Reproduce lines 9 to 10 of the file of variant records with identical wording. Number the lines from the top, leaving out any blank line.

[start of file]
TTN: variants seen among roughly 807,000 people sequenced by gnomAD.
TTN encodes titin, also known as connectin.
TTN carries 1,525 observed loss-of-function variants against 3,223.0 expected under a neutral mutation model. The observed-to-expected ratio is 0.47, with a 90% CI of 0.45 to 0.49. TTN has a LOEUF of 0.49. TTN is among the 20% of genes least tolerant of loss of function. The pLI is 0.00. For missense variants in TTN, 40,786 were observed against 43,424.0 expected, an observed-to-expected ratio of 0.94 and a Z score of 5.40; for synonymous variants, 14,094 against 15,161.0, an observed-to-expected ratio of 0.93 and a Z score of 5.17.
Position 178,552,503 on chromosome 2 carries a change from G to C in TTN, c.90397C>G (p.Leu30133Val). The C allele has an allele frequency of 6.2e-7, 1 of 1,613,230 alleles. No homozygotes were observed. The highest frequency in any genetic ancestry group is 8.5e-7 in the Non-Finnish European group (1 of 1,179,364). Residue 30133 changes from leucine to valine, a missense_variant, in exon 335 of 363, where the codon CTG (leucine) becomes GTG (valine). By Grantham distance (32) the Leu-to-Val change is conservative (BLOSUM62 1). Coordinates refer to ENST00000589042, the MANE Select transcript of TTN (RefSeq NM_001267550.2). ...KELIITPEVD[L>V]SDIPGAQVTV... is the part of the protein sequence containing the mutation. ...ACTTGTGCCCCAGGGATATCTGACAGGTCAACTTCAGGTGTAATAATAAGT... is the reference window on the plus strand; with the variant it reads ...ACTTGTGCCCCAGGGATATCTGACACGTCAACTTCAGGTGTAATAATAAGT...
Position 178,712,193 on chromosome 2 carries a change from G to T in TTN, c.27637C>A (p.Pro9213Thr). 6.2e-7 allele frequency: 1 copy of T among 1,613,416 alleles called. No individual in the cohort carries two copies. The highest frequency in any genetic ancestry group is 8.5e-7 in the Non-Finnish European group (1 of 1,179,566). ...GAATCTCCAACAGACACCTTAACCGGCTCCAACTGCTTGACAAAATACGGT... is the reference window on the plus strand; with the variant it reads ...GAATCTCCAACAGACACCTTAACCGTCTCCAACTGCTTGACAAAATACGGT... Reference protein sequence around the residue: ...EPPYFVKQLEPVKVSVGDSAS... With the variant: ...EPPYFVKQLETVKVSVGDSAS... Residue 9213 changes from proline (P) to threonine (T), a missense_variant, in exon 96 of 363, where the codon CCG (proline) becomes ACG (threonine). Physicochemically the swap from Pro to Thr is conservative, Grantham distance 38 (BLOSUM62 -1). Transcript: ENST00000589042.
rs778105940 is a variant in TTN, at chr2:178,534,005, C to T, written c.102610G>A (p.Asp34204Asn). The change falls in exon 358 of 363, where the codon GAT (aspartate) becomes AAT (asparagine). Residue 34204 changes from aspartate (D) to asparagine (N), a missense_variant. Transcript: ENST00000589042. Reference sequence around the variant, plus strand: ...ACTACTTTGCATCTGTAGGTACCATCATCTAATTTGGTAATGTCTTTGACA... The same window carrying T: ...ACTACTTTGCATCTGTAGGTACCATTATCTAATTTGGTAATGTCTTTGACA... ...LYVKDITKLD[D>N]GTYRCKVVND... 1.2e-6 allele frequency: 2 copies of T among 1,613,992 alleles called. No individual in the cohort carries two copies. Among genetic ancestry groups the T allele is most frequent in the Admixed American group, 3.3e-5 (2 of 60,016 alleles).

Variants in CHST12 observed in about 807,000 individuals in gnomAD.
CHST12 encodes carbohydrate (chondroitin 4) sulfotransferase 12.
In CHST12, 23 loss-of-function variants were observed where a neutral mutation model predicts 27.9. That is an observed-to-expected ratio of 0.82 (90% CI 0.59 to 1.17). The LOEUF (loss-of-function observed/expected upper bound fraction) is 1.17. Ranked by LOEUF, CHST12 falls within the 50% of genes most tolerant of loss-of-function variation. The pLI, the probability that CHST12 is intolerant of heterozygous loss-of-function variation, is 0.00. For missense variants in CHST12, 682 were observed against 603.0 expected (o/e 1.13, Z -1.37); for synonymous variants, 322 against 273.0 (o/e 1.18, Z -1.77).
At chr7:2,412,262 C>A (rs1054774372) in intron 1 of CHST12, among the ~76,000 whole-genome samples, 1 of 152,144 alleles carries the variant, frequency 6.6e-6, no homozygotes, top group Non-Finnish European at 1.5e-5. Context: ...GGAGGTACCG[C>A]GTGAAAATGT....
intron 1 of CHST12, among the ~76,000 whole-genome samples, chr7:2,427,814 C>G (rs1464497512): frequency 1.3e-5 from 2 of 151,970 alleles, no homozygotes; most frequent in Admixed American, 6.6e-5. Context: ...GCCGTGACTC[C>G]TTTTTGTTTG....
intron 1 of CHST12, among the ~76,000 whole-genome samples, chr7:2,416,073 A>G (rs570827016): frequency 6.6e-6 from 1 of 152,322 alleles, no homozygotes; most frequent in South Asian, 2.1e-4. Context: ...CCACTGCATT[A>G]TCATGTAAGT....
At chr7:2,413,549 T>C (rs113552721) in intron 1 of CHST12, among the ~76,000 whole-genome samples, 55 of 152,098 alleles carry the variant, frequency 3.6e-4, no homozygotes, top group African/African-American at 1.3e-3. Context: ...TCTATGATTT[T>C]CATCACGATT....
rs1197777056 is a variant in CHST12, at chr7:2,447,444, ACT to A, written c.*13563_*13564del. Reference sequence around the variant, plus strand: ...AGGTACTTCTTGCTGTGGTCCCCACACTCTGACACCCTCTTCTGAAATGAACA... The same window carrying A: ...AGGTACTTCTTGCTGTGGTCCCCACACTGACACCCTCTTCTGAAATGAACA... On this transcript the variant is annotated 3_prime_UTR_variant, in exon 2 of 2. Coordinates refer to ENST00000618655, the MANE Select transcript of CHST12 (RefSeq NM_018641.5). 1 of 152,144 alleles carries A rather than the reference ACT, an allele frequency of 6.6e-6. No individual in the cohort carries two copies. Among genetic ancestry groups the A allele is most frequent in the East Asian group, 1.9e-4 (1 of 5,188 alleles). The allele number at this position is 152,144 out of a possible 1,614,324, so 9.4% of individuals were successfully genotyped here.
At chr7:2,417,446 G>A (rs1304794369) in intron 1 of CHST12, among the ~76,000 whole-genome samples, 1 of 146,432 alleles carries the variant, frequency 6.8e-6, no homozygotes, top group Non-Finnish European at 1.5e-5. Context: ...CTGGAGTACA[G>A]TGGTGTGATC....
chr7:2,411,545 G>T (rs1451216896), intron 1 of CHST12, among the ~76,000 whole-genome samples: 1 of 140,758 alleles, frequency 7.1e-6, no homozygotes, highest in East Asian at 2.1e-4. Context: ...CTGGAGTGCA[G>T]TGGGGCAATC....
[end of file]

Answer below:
In CHST12, 23 loss-of-function variants were observed where a neutral mutation model predicts 27.9. That is an observed-to-expected ratio of 0.82 (90% CI 0.59 to 1.17). The LOEUF (loss-of-function observed/expected upper bound fraction) is 1.17. Ranked by LOEUF, CHST12 falls within the 50% of genes most tolerant of loss-of-function variation. The pLI, the probability that CHST12 is intolerant of heterozygous loss-of-function variation, is 0.00. For missense variants in CHST12, 682 were observed against 603.0 expected (o/e 1.13, Z -1.37); for synonymous variants, 322 against 273.0 (o/e 1.18, Z -1.77).
At chr7:2,412,262 C>A (rs1054774372) in intron 1 of CHST12, among the ~76,000 whole-genome samples, 1 of 152,144 alleles carries the variant, frequency 6.6e-6, no homozygotes, top group Non-Finnish European at 1.5e-5. Context: ...GGAGGTACCG[C>A]GTGAAAATGT....